Healthcare Reform – How it may Affect You

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Read Here About Healthcare Reform!

Healthcare Reform has been signed into law and whether you are in favor or not, there is no reason to be overly exuberant today. While much of the law will be left to interpretation by the Secretary of Health & Human Services (HHS) some Healthcare changes start in 2010.

Some of what will happen in 2010: State grants to establish or expand ombudsman programs are awarded. Illinois Programs like Senior Health insurance Program (SHIP) and Uninsured Ombudsman Program (such as AllKids) will receive more federal funds.

A new federal rate review process is established. This may be very interesting. Insurance companies go to the state departments of insurance if they need a rate increase. The information they present is actuarial and not opinion. On a related note: Last month, Massachusetts Governor Patrick denied 235 of 274 increases proposed by insurers. It will be interesting whether the insurance companies in Mass. are able to offer the same plans at lower rates, apply for approval of new plans and rates, or if the insurance companies will pull those products out of Massachusetts.

A National high risk pool is to be created 90 days from enactment. This will be similar to the state program in Illinois named ICHIP (Comprehensive Health Insurance Program). This program is still available for those with medical conditions who are trying to buy insurance.

A small business tax credit is established. Businesses with fewer than 50 employees should realize tax credits in 2010.

On October 1, 2010 lifetime benefit limits will be prohibited. Rescissions (policy less than two years old is cancelled as if it was never in force due to information not revealed upon application) will also be prohibited except if the company can prove fraud or material misrepresentation. Dependent coverage up to age 26 is mandated. Pre-existing exclusions for dependents are prohibited. Allows restricted annual limits for essential benefits as determined by HHS.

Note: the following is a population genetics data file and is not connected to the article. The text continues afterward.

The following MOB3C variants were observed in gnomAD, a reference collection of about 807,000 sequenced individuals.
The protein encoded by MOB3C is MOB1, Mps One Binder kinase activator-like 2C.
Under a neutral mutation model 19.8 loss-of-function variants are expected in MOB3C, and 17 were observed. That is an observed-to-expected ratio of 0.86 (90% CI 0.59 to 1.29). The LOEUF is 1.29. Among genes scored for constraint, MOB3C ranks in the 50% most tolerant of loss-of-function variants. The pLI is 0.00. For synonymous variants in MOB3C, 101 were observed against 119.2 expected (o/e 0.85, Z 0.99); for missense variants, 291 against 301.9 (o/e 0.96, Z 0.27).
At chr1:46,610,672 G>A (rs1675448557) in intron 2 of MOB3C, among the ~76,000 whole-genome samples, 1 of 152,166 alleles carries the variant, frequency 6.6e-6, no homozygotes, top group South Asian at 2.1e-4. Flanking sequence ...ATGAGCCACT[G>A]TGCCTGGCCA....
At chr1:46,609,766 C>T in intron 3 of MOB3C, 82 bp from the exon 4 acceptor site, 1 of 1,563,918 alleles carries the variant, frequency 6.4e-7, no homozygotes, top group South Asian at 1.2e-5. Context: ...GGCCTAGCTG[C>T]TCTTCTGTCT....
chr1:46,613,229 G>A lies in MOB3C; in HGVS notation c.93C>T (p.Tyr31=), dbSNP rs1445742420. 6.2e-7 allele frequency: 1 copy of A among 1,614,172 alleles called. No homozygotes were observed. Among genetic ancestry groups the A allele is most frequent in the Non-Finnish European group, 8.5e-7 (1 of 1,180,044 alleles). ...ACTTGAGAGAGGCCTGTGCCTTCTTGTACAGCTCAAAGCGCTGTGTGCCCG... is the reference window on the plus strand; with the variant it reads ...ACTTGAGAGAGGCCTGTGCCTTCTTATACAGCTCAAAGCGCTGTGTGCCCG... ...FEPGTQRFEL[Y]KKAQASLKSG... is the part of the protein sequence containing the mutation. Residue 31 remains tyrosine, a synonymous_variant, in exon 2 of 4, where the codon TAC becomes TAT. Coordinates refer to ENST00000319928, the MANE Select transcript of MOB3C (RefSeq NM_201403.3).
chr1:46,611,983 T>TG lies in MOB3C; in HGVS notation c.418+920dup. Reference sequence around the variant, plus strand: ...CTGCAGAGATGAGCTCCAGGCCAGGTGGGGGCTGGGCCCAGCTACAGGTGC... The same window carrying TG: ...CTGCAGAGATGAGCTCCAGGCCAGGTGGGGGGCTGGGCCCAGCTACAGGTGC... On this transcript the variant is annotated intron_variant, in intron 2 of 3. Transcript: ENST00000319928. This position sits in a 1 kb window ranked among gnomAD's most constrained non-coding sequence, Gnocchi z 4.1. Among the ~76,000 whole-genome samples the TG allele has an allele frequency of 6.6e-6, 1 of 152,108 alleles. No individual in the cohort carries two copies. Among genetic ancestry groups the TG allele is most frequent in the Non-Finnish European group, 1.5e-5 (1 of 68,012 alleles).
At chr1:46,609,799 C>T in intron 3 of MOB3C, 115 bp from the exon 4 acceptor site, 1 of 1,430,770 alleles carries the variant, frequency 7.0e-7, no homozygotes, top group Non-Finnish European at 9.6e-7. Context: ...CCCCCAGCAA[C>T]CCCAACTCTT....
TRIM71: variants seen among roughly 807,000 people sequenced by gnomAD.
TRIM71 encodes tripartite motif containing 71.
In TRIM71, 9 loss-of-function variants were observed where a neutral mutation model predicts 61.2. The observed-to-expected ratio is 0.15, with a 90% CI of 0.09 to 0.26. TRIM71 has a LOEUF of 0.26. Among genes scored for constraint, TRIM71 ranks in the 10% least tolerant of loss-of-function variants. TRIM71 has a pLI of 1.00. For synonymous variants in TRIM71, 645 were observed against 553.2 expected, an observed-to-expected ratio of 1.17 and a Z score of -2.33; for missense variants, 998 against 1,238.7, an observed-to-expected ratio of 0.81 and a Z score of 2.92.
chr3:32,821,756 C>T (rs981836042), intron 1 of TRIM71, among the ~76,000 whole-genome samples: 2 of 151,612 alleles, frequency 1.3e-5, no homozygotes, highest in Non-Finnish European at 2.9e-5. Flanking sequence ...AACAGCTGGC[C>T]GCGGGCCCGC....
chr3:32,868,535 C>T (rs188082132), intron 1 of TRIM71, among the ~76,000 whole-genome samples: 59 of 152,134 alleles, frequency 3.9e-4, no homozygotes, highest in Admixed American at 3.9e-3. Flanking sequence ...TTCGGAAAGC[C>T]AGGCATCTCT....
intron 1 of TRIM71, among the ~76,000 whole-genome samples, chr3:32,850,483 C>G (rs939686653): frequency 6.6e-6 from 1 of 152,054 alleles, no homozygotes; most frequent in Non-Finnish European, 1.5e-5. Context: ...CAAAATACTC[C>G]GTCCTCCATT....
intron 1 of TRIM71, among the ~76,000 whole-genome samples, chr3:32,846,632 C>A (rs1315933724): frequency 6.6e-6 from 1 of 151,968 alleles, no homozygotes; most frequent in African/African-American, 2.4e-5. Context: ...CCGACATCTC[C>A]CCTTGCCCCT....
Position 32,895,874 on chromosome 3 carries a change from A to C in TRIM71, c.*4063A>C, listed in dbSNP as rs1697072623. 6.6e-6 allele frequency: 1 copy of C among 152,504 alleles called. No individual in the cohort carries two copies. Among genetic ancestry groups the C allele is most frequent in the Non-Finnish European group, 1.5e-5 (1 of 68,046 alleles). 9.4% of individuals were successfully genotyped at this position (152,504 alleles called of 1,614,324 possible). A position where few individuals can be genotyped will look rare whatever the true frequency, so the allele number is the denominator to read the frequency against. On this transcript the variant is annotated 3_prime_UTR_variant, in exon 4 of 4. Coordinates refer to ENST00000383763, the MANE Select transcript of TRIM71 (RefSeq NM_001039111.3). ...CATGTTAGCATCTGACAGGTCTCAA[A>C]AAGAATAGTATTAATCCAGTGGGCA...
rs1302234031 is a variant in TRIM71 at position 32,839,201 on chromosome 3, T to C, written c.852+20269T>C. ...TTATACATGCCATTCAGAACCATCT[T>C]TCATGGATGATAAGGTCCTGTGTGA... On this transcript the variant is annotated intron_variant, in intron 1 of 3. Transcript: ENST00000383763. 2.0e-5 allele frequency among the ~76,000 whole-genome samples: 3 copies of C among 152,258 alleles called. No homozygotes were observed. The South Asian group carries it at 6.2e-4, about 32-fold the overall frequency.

Some of the immediate impact expected from Healthcare Reform will be: health insurance companies will develop new plans and file for new rates with their state departments of insurance. The states will approve or disapprove these filings. These rates will also, most likely, be reviewed by the new HHS agency.

So, what will this mean to you? First, in most cases plans can still refuse to cover an individual now (in 2014 guaranteed issue is established). If you have tried to cover your dependents in the past and they were refused issue, you should contact your insurance company again now and then again after 10/1/10 to see if they can be added now. Be prepared for premium increases based on the mandates of coverage imposed by the Healthcare Reform Law. Mostly, in 2010 handle your health insurance program as you always have. Gather information relevant to your situation especially now, on 10/1/10 and each January 1st through 2018.

This law is very complicated. Much of it would be enacted as interpreted by the Secretary of HHS. To be certain, this law will be tweaked the next few years. Midterm elections and the makeup of the US governing bodies will have an impact on the provisions of Healthcare Reform. Stay involved or become involved in that process if you have thoughts on this subject.

Most professional insurance agents have been attending seminars in an attempt to understand the implications of Healthcare Reform to best help you. Use them as a resource. Also, you can use as resources: www.ahip.org (America’s Health Insurance Plans) and our website at www.MRMS-INC.com for a timeline and description of the Healthcare Reform law, or contact our office at 309-693-1060.

Written by

Steven A. Buttice is the president of Medical Reimbursement & Management Services, Inc., a firm specializing in issues affecting seniors, including seminars and consultation on Medicare Plans, Long Term Care and other types of insurance, claims issues, and sales/service of insurance products since 1984.

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